Everyone knows about George Washington’s crossing of the Delaware River and subsequent victory in Trenton, but less well known is the Battle of Harlem Heights, which took place in September 1776 on upper Manhattan Island.
Now, new light is now being shone on this important battle thanks to David Price, a historical interpreter at Washington Crossing Historic Park. Price’s new book, The Battle of Harlem Heights, 1776, will be released in December and will be available in the park’s gift shop or for pre-order online.
“The Battle of Harlem Heights is an underappreciated milestone in American military history,” Price says. “The engagement on September 16, 1776, was the first successful battle for George Washington’s troops in the quest for independence from Great Britain and presaged the emergence of an effective fighting force among the citizen-soldiers who made up the Continental Army.”
The cooperative effort of regiments from New England, Maryland, and Virginia—whose men lacked any sense of national identity before the Revolution—indicated the potential for this fledgling army to cohere around a common national purpose and affiliation and become the primary instrument for securing America’s right to self-rule.The action began when a contingent of rangers led by Col. Thomas Knowlton of Connecticut encountered British light infantry while conducting a reconnaissance mission on Washington’s orders. What began as a skirmish transformed into a full-fledged battle as both sides reinforced, and a heavy engagement continued for several hours until, with ammunition running low, the British withdrew. Washington decided not to pursue and risk confrontation with a larger force, thereby keeping his army intact.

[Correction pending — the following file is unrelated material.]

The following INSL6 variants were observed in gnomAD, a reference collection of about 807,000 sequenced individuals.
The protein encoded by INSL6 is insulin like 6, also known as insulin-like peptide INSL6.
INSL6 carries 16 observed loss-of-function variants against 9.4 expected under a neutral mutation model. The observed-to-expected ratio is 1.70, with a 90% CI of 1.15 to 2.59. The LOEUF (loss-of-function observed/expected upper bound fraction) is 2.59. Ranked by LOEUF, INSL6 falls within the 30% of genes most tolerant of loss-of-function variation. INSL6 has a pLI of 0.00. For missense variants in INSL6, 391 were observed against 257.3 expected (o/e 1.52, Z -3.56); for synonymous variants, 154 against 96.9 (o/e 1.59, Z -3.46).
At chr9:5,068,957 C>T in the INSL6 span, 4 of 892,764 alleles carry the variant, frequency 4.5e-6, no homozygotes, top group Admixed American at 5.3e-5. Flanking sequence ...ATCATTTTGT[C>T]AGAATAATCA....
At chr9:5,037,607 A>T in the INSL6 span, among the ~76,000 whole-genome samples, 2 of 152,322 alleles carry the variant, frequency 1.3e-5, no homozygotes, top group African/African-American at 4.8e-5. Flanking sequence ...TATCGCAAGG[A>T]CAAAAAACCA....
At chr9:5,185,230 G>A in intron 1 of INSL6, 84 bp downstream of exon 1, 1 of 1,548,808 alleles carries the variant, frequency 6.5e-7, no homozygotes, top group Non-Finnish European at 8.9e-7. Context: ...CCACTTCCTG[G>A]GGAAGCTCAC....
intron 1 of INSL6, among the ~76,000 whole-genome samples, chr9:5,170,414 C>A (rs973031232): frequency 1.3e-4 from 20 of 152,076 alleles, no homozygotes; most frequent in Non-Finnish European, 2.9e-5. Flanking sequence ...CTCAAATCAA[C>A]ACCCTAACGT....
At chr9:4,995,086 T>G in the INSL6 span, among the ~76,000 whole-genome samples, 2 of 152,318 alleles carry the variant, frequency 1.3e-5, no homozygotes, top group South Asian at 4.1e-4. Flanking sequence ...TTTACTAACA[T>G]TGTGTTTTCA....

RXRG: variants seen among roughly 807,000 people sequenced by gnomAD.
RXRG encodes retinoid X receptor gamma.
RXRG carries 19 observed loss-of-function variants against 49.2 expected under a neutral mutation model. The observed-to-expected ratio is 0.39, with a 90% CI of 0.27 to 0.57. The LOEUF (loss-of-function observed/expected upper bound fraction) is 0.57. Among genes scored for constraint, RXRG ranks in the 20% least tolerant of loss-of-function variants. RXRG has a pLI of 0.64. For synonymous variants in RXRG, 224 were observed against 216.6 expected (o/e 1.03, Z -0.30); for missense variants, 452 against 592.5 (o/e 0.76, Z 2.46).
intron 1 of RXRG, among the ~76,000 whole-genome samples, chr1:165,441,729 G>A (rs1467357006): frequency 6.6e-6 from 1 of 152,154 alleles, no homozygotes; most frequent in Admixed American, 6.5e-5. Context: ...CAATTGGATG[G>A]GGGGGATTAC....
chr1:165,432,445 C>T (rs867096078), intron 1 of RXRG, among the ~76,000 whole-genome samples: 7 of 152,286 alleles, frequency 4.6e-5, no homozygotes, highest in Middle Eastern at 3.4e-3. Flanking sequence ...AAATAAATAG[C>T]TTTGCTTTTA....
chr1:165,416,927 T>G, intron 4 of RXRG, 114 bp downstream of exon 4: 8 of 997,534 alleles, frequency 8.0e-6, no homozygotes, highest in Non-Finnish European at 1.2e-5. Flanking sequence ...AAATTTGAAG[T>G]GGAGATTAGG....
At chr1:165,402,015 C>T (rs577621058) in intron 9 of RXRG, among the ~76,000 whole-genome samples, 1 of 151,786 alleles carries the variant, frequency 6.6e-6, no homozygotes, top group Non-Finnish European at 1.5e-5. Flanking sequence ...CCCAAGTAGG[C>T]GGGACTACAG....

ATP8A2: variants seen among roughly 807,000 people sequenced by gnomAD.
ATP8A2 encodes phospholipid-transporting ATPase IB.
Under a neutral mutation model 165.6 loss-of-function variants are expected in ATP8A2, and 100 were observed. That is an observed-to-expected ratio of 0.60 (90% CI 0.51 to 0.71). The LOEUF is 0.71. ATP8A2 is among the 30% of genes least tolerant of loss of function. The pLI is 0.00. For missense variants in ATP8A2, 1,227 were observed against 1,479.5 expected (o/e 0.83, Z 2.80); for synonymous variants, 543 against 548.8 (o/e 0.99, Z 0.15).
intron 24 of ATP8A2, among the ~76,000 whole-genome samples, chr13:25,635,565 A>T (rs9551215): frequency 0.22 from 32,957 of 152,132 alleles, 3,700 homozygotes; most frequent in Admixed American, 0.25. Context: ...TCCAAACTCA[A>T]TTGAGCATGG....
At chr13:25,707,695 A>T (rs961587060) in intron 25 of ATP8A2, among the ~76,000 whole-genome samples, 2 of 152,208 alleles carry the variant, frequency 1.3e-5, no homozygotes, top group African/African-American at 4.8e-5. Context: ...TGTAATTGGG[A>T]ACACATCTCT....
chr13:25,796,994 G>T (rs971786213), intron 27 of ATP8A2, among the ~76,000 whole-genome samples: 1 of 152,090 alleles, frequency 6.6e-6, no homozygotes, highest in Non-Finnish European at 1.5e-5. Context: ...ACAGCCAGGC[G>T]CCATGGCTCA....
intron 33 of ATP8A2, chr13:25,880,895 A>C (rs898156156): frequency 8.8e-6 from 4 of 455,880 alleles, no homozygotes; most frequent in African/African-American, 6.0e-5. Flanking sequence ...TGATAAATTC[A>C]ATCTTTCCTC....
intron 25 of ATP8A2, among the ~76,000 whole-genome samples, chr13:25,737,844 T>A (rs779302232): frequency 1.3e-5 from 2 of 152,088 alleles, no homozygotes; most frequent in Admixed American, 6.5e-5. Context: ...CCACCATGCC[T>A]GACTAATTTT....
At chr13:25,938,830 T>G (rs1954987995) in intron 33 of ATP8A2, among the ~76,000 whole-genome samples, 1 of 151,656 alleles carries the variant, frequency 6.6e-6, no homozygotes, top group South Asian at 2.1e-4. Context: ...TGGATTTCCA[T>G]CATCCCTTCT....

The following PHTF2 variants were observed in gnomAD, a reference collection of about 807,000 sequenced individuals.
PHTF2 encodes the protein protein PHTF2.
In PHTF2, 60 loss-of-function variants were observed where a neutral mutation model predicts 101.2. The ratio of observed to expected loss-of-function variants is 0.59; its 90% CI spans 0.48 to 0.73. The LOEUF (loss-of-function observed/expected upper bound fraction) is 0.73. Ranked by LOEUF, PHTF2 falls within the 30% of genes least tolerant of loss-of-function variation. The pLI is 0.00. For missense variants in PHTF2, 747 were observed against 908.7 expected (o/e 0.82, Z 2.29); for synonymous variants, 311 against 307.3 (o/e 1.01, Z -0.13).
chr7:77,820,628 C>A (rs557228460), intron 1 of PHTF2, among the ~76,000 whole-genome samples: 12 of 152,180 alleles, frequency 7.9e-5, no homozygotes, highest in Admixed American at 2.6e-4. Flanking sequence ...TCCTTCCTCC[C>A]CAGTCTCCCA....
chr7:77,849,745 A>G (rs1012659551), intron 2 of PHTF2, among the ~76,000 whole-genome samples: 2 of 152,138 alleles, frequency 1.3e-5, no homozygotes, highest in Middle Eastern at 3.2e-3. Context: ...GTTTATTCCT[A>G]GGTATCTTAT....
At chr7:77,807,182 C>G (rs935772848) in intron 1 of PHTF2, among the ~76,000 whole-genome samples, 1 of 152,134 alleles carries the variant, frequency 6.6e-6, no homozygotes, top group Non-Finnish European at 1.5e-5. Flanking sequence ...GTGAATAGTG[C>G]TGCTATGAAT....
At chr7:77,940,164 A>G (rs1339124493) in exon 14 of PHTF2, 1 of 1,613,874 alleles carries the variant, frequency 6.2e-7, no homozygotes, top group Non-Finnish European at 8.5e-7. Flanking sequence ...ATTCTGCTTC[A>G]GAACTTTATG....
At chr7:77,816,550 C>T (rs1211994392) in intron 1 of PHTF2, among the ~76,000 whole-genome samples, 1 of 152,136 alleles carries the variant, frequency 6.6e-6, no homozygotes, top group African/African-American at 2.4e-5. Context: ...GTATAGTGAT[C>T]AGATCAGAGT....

In The Battle of Harlem Heights, 1776, Price conveys the significance of the Continental Army’s first victory and highlights the role of one of its key participants, the largely forgotten Knowlton—the “father of American military intelligence”—who gave his life during the action while urging his rangers forward.
Says fellow author William Kidder, “The Battle of Harlem Heights, 1776 is a refreshing and detailed account of this little-known battle and the life of an interesting and significant man, Thomas Knowlton, whose rising contributions to the American cause were cut short by his death. This account should bring about more interest in, and understanding of, the early development of the Continental army.”
David Price is the author of a trilogy about the “Ten Crucial Days” of the American Revolution—John Haslet’s World: An Ardent Patriot, the Delaware Blues, and the Spirit of 1776; The Road to Assunpink Creek: Liberty’s Desperate Hour and the Ten Crucial Days of the American Revolution; and Rescuing the Revolution: Unsung Patriot Heroes and the Ten Crucial Days of America’s War for Independence. He is a historical interpreter at both Washington Crossing Historic Park (PA) and Princeton Battlefield State Park (NJ) and holds degrees in political science from Drew University and Rutgers University.